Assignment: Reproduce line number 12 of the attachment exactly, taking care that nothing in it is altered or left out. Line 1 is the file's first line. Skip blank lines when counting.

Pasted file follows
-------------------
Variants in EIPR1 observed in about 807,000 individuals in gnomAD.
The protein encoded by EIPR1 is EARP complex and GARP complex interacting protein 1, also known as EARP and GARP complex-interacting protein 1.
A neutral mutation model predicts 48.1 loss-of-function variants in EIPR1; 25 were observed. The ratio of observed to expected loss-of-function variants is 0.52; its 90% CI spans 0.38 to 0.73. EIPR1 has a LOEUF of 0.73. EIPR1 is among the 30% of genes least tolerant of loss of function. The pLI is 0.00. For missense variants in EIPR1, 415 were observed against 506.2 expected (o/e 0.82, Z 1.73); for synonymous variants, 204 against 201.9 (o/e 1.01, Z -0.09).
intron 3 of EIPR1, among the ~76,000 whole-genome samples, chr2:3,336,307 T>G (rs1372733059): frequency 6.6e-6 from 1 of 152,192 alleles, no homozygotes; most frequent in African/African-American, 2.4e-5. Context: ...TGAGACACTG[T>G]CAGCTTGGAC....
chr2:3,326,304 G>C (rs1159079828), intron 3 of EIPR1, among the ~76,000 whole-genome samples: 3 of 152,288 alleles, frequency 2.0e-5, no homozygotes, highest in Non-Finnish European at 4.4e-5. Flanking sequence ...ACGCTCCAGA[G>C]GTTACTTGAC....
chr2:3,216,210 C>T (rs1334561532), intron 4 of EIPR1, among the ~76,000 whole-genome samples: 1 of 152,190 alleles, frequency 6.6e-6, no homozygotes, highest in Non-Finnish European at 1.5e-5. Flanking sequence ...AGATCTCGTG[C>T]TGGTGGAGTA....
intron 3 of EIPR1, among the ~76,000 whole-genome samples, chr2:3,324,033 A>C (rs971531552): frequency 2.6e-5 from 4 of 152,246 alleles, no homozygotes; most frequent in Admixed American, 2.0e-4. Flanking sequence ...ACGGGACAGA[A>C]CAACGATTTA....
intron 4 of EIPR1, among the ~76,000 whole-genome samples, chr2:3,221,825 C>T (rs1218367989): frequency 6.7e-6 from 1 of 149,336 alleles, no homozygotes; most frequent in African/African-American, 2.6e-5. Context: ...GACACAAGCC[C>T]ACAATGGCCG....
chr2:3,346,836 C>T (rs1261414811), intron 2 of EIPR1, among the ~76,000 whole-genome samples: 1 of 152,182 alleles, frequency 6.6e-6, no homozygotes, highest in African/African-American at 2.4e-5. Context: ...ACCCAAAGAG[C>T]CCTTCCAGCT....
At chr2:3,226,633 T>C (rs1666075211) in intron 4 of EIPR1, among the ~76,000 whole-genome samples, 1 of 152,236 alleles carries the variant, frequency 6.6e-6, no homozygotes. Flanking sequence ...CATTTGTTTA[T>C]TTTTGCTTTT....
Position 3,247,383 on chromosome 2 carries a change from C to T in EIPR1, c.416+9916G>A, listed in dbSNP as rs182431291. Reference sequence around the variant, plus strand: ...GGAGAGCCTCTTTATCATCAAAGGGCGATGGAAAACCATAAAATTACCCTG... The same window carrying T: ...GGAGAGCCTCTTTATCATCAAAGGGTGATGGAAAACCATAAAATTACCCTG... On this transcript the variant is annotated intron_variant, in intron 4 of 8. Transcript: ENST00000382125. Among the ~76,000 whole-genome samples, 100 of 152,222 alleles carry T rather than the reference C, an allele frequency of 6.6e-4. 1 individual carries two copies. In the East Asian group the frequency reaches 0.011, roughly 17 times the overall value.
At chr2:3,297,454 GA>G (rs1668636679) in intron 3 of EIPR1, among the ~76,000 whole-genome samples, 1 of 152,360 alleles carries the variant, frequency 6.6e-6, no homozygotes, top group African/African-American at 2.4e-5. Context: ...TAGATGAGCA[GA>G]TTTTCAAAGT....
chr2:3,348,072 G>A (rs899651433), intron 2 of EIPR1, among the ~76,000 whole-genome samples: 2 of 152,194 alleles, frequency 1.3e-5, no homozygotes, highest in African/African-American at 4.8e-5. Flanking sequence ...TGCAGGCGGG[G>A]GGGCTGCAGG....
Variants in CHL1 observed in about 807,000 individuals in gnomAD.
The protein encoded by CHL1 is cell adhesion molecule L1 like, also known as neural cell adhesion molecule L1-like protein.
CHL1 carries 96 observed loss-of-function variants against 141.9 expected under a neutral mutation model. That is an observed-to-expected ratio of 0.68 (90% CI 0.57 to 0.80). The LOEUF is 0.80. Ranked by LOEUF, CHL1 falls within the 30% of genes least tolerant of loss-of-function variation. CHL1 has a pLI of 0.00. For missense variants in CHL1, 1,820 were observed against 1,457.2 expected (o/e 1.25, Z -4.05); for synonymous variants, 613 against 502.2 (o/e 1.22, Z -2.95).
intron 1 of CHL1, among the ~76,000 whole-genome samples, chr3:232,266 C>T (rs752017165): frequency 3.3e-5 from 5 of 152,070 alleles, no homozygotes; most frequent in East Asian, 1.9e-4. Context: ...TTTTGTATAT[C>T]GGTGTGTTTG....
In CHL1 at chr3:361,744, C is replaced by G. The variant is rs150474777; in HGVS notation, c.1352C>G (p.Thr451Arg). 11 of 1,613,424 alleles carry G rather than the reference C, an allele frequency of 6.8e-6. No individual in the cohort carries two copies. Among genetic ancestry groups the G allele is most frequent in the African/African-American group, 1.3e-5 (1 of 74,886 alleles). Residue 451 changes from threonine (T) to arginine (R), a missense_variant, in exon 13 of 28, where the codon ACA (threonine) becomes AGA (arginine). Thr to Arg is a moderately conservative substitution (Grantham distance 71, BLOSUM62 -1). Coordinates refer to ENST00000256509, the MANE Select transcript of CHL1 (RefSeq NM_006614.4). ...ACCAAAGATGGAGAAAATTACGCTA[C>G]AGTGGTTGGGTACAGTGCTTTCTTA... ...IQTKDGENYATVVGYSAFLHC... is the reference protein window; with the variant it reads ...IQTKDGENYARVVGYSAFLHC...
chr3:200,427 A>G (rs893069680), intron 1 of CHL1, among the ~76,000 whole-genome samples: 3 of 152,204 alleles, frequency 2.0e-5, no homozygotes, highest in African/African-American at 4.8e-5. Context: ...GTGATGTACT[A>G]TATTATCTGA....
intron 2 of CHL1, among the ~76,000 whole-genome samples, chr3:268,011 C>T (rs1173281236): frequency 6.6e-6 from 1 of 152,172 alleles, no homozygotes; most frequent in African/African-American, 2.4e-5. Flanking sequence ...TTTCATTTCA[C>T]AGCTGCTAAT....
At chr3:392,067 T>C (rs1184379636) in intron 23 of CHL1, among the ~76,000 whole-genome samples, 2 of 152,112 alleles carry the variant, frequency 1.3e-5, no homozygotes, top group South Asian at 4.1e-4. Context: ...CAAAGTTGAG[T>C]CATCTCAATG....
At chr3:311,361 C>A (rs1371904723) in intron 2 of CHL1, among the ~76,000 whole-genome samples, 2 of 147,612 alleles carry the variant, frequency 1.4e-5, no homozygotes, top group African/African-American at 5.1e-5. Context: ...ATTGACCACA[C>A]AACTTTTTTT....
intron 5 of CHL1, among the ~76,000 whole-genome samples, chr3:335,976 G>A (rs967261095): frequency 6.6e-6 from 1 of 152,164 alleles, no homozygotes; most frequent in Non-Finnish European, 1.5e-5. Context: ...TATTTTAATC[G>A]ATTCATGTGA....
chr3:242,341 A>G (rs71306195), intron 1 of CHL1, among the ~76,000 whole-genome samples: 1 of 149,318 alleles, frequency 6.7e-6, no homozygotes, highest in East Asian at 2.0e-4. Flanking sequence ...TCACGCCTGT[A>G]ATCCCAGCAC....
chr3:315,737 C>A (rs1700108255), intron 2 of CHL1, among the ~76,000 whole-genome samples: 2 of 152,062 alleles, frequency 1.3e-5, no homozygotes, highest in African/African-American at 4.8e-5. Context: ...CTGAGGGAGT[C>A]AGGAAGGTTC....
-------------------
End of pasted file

At chr2:3,297,454 GA>G (rs1668636679) in intron 3 of EIPR1, among the ~76,000 whole-genome samples, 1 of 152,360 alleles carries the variant, frequency 6.6e-6, no homozygotes, top group African/African-American at 2.4e-5. Context: ...TAGATGAGCA[GA>G]TTTTCAAAGT....